CAIRO (Reuters) - The Syrian opposition set terms on Sunday for attending peace talks to end the Syrian civil war, in a move that throws the proposed conference into further confusion after the international envoy said there should be no preconditions.
The long-delayed talks - known as Geneva 2 - are meant to bring Syria’s warring sides to the negotiating table, but have been repeatedly delayed because of disputes between world powers, divisions among the opposition and irreconcilable positions of Assad and the rebels.
Syrian National Coalition President Ahmad Jarba said the opposition would not attend unless there was a clear timeframe for President Bashar al-Assad to leave power. He also said they could not accept the presence of Iran.
“We have decided not to enter Geneva talks unless it is with dignity, and unless there is a successful transfer of power with a specific timeframe, and without the occupier Iran at the negotiating table,” Jarba told an Arab League emergency meeting of foreign minister in Cairo.
Lakhdar Brahimi, the international envoy for Syria, has said he hoped the conference could still be held in the next few weeks despite obstacles.
Though he had in the past said he thought Assad would not be part of a transitional government that Geneva 2 would attempt to install, he said on Friday that his opinions had no bearing on the parameters for the conference.
There is also discord among world powers over whether Iran should be invited to the talks. Tehran has said it is ready to come and Brahimi says the U.N. preferred that Iran attend but there had been no agreement on that yet.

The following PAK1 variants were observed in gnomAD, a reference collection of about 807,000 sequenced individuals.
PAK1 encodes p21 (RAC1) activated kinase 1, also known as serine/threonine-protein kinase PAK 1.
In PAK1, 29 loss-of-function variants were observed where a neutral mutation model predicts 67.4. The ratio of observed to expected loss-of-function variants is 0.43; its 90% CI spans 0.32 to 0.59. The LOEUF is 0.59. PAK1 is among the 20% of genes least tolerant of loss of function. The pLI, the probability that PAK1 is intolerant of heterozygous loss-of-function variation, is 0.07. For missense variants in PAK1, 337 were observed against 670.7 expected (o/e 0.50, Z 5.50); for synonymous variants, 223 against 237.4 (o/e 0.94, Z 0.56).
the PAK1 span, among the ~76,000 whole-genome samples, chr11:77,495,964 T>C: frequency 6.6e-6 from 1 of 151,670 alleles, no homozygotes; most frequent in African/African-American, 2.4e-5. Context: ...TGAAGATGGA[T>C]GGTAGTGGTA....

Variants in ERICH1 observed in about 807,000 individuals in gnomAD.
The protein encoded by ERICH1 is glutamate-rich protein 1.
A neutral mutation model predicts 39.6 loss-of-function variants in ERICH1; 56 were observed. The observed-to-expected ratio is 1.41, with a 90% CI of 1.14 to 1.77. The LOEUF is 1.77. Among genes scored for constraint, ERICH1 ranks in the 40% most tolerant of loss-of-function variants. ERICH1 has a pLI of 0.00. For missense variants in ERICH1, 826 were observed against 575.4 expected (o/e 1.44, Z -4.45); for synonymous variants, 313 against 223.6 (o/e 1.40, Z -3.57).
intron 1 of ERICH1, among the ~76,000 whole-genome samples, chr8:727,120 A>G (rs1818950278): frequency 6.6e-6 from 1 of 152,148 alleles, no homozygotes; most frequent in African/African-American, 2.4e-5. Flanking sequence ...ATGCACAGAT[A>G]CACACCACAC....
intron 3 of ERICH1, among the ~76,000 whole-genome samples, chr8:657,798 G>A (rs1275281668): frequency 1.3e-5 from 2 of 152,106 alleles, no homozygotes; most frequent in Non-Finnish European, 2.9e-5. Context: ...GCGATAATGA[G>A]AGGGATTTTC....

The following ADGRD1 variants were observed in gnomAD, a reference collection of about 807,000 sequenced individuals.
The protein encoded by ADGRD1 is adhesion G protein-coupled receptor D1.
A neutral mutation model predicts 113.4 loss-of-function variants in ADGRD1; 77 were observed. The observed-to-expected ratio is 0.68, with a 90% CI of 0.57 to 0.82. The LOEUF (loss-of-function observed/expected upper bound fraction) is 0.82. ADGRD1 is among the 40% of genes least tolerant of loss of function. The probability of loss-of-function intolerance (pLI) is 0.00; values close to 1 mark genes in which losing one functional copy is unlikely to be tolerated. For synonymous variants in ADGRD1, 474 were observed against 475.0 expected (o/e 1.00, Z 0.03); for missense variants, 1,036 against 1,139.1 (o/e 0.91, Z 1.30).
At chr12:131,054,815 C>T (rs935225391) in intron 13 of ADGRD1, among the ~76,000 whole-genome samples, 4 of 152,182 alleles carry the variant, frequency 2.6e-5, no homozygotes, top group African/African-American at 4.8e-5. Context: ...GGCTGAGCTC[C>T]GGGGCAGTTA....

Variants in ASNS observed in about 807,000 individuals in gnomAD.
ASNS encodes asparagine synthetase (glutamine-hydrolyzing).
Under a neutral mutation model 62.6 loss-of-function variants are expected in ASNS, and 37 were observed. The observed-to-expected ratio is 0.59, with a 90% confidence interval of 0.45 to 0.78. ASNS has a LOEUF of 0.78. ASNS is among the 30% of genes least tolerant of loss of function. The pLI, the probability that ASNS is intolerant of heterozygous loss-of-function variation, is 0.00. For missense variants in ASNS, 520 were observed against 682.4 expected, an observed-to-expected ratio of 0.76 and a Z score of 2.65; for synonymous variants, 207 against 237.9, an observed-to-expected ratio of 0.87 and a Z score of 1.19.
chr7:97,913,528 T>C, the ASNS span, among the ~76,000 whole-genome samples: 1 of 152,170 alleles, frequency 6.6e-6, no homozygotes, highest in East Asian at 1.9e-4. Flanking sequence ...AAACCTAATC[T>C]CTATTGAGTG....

A senior State Department official, speaking ahead of U.S. Secretary of State John Kerry’s visit to Cairo and Riyadh, said the top U.S. diplomat would make clear to the Saudis that Iran would not be welcome to attend the Syria peace talks unless it endorsed a past agreement that would see Assad give up power.
“Iran has not done that, and without that even we couldn’t consider the possibility of their participating,” the official added, stressing: “It is a question of just making sure they understand the details of how firm our position is.”
In Cairo, an Arab League draft communiqué called on the Syrian opposition to attend the conference.
“It (Arab League) decided to call on all sides of the Syrian opposition under the leadership of the Syrian National Coalition ... to accelerate the formation of the negotiating delegation”.
In Cairo, Jarba urged world powers to supply Syrians fighting Assad with weapons in the conflict that has so far claimed the lives of more than 100,000 people.
“We demand a clear decision on supplying the Syrian people with weapons to fight the hostility which gets worse hour by hour ... We guarantee that these weapons will not fall into the wrong hands.”
The growing influence of radical Islamist fighters and the disarray of rebel forces have made Western powers wary of intervening directly in the civil war by supplying weapons or troops.
While some rebel tensions stem from contrasting ideological outlooks, most infighting centers around rival claims over the control of territory, smuggling and other spoils of war.
Arab and Western officials have said that international powers were unlikely to meet their goal of holding the conference in November.
Even if Jarba were to attend the Geneva 2 meetings, he has no authority over the rebel brigades battling to overthrow Assad.
The main rebel brigades have announced their opposition to the conference if it does not result in Assad’s removal.
Additional reporting by Hadeel al-Shalchi and Ali Abdelaty; Writing by Yara Bayoumy; editing by Ralph Boulton